- Avoid locations and situations where you may be tempted to gamble.
- Take control of how you spend your money, so that you don’t waste it on gambling.
- If you can’t do this by yourself, you may need to ask someone else to help you do this.
- Take one day at a time. Don’t expect everything to improve straight away.
Living with someone who gambles can be just as difficult as living with someone with any other kind of addiction. It can be very stressful and it can lead to the breakdown of your relationship.
If you are not sure whether you are living with someone who has a gambling problem, ask yourself:
- Do they promise time and time again to stop gambling but carry on anyway?
- Do they disappear for long periods of time without telling you where they were?
- Do they spend large sums of money without being able to account for it?
- Do you hide money to stop them spending it?
- Do they lie to cover up or deny their gambling?
If you answered yes to most of these questions, then they may have a gambling problem.
It is important to remember you are not the only person in this situation and there are lots of people who can help.
- Talk it through with the other person and, if necessary, get professional help link to a-z talk therapies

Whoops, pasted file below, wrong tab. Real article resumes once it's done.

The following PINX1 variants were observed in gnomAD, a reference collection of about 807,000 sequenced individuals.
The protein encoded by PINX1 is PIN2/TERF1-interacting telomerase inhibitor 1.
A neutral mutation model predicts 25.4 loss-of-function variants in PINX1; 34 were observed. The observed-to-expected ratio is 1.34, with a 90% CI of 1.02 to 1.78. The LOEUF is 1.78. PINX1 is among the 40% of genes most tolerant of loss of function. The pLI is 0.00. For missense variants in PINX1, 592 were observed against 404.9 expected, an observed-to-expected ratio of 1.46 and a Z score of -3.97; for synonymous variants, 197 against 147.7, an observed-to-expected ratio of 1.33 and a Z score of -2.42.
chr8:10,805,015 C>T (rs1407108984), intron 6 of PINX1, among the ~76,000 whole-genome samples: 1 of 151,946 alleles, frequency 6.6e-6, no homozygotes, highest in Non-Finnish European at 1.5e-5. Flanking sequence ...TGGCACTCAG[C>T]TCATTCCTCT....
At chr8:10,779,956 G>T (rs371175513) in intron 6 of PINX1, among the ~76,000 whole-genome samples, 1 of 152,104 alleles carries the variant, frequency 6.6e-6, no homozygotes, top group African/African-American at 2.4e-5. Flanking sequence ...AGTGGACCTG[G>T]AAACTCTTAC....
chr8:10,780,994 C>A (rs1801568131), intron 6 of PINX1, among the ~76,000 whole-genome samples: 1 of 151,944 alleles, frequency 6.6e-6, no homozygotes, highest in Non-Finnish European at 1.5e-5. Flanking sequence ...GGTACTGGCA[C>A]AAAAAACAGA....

- Be firm and constructive. You need to make sure the other person actually faces the problem but also has some ideas of how to move things forward.
- Do not condemn them or try to make them feel bad about themselves. Just telling them to ‘snap out of it’ may not help and could actually make it worse.
- Be realistic. Compulsive gambling is an addiction, so it will take them time to overcome it. Some days will be better than others.
- Do not trust them with money until they have overcome the addiction.
For Further Support Contact The Samaritans
Samaritans is a unique charity dedicated to reducing feelings of isolation and disconnection that can lead to suicide. Every six seconds they respond to a call for help. They’re there 24/7, before, during and after a crisis and they make sure there’s always someone there, for anyone who needs someone.
GPs are there to help you with any problem related to your mental health as well as physical health.
You can go to them if you feel sad after a relative has passed away, if the pressures of life are making you unhappy and anxious, or if you feel angry or confused.